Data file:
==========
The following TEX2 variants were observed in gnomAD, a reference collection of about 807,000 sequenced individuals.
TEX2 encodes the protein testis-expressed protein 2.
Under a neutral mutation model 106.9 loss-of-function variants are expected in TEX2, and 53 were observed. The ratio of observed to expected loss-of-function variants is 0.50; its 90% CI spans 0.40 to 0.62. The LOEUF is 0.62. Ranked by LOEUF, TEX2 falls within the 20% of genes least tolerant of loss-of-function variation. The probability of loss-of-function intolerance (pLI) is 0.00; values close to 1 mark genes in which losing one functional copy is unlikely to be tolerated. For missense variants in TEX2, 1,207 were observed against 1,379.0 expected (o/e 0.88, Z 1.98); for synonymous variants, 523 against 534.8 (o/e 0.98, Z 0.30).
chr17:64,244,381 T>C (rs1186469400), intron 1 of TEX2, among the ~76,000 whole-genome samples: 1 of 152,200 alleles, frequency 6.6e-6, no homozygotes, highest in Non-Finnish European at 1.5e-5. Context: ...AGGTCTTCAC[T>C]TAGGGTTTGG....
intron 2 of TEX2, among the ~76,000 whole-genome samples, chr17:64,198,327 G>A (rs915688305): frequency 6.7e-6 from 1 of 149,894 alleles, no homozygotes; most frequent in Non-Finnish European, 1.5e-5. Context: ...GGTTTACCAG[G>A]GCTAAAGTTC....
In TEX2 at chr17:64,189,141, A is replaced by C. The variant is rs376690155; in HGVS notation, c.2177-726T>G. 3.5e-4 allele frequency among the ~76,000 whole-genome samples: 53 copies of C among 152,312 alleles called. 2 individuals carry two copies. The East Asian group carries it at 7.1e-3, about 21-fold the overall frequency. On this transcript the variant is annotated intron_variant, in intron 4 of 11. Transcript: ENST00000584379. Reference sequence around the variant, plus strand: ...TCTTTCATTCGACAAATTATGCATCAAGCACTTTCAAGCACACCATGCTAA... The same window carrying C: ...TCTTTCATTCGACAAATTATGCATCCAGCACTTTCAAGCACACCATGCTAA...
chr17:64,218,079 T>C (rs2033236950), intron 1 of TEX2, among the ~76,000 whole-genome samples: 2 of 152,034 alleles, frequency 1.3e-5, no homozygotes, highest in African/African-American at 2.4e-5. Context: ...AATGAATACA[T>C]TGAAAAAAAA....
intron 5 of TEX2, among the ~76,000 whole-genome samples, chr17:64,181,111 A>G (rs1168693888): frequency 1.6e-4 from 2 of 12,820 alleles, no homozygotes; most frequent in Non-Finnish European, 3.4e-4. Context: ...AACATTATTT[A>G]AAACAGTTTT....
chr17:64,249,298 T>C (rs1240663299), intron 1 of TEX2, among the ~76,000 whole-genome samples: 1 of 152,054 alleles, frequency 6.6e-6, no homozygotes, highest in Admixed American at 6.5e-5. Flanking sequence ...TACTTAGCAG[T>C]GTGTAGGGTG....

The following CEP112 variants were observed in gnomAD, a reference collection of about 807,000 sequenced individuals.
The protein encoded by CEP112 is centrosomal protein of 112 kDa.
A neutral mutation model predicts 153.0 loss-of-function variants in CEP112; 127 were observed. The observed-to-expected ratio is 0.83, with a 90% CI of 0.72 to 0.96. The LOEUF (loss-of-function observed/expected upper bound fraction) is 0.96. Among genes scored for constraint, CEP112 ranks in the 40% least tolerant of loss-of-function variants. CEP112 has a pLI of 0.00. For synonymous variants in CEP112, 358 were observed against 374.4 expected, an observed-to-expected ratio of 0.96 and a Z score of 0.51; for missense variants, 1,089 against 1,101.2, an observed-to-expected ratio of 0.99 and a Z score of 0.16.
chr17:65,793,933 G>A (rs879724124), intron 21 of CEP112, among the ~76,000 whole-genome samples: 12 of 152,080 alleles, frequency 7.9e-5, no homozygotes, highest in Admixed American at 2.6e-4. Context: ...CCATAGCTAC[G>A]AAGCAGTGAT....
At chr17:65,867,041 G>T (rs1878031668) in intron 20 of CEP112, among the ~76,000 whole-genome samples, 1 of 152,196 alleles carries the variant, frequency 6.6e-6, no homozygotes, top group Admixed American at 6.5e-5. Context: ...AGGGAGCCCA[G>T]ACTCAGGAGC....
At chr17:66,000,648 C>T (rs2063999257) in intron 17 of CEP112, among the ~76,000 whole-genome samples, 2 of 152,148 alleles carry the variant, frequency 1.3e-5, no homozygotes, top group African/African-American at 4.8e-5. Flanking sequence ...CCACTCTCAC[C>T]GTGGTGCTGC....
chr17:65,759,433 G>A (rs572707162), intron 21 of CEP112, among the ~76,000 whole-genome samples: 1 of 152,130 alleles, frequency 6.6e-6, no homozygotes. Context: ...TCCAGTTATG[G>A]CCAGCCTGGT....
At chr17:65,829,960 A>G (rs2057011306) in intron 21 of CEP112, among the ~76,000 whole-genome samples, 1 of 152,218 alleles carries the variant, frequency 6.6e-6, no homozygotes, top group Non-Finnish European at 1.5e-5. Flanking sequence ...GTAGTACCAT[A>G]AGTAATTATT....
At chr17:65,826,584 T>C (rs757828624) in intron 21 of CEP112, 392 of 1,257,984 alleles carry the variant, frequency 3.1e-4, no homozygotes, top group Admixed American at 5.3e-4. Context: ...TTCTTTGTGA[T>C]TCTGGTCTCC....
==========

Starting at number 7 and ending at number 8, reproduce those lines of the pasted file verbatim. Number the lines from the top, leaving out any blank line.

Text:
chr17:64,218,079 T>C (rs2033236950), intron 1 of TEX2, among the ~76,000 whole-genome samples: 2 of 152,034 alleles, frequency 1.3e-5, no homozygotes, highest in African/African-American at 2.4e-5. Context: ...AATGAATACA[T>C]TGAAAAAAAA....
intron 5 of TEX2, among the ~76,000 whole-genome samples, chr17:64,181,111 A>G (rs1168693888): frequency 1.6e-4 from 2 of 12,820 alleles, no homozygotes; most frequent in Non-Finnish European, 3.4e-4. Context: ...AACATTATTT[A>G]AAACAGTTTT....